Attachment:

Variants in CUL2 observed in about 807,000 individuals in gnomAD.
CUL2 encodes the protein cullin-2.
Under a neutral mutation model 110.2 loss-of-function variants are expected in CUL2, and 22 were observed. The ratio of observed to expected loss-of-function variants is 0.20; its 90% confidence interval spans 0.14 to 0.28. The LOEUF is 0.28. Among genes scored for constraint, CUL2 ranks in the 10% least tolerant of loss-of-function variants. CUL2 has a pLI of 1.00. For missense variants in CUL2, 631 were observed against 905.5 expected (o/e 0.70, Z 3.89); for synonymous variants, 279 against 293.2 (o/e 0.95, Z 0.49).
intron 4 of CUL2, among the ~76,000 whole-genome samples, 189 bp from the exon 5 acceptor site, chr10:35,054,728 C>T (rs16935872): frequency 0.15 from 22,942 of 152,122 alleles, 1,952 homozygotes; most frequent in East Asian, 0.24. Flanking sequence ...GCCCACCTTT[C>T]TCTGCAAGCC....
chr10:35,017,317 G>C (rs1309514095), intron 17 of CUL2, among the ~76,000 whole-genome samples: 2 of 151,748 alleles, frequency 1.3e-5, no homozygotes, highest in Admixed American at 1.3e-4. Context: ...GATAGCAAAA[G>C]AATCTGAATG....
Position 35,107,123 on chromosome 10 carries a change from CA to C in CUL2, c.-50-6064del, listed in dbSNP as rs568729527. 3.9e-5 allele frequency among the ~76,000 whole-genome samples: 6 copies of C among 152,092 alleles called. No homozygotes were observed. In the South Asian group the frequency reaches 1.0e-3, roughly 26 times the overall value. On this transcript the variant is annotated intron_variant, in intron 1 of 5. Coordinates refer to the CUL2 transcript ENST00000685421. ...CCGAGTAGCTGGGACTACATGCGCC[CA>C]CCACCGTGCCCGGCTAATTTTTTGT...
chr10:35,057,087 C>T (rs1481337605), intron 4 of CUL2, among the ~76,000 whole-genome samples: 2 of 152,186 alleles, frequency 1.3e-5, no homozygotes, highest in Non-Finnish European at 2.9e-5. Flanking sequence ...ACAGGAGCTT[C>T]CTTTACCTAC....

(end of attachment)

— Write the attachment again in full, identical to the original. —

Variants in CUL2 observed in about 807,000 individuals in gnomAD.
CUL2 encodes the protein cullin-2.
Under a neutral mutation model 110.2 loss-of-function variants are expected in CUL2, and 22 were observed. The ratio of observed to expected loss-of-function variants is 0.20; its 90% confidence interval spans 0.14 to 0.28. The LOEUF is 0.28. Among genes scored for constraint, CUL2 ranks in the 10% least tolerant of loss-of-function variants. CUL2 has a pLI of 1.00. For missense variants in CUL2, 631 were observed against 905.5 expected (o/e 0.70, Z 3.89); for synonymous variants, 279 against 293.2 (o/e 0.95, Z 0.49).
intron 4 of CUL2, among the ~76,000 whole-genome samples, 189 bp from the exon 5 acceptor site, chr10:35,054,728 C>T (rs16935872): frequency 0.15 from 22,942 of 152,122 alleles, 1,952 homozygotes; most frequent in East Asian, 0.24. Flanking sequence ...GCCCACCTTT[C>T]TCTGCAAGCC....
chr10:35,017,317 G>C (rs1309514095), intron 17 of CUL2, among the ~76,000 whole-genome samples: 2 of 151,748 alleles, frequency 1.3e-5, no homozygotes, highest in Admixed American at 1.3e-4. Context: ...GATAGCAAAA[G>C]AATCTGAATG....
Position 35,107,123 on chromosome 10 carries a change from CA to C in CUL2, c.-50-6064del, listed in dbSNP as rs568729527. 3.9e-5 allele frequency among the ~76,000 whole-genome samples: 6 copies of C among 152,092 alleles called. No homozygotes were observed. In the South Asian group the frequency reaches 1.0e-3, roughly 26 times the overall value. On this transcript the variant is annotated intron_variant, in intron 1 of 5. Coordinates refer to the CUL2 transcript ENST00000685421. ...CCGAGTAGCTGGGACTACATGCGCC[CA>C]CCACCGTGCCCGGCTAATTTTTTGT...
chr10:35,057,087 C>T (rs1481337605), intron 4 of CUL2, among the ~76,000 whole-genome samples: 2 of 152,186 alleles, frequency 1.3e-5, no homozygotes, highest in Non-Finnish European at 2.9e-5. Flanking sequence ...ACAGGAGCTT[C>T]CTTTACCTAC....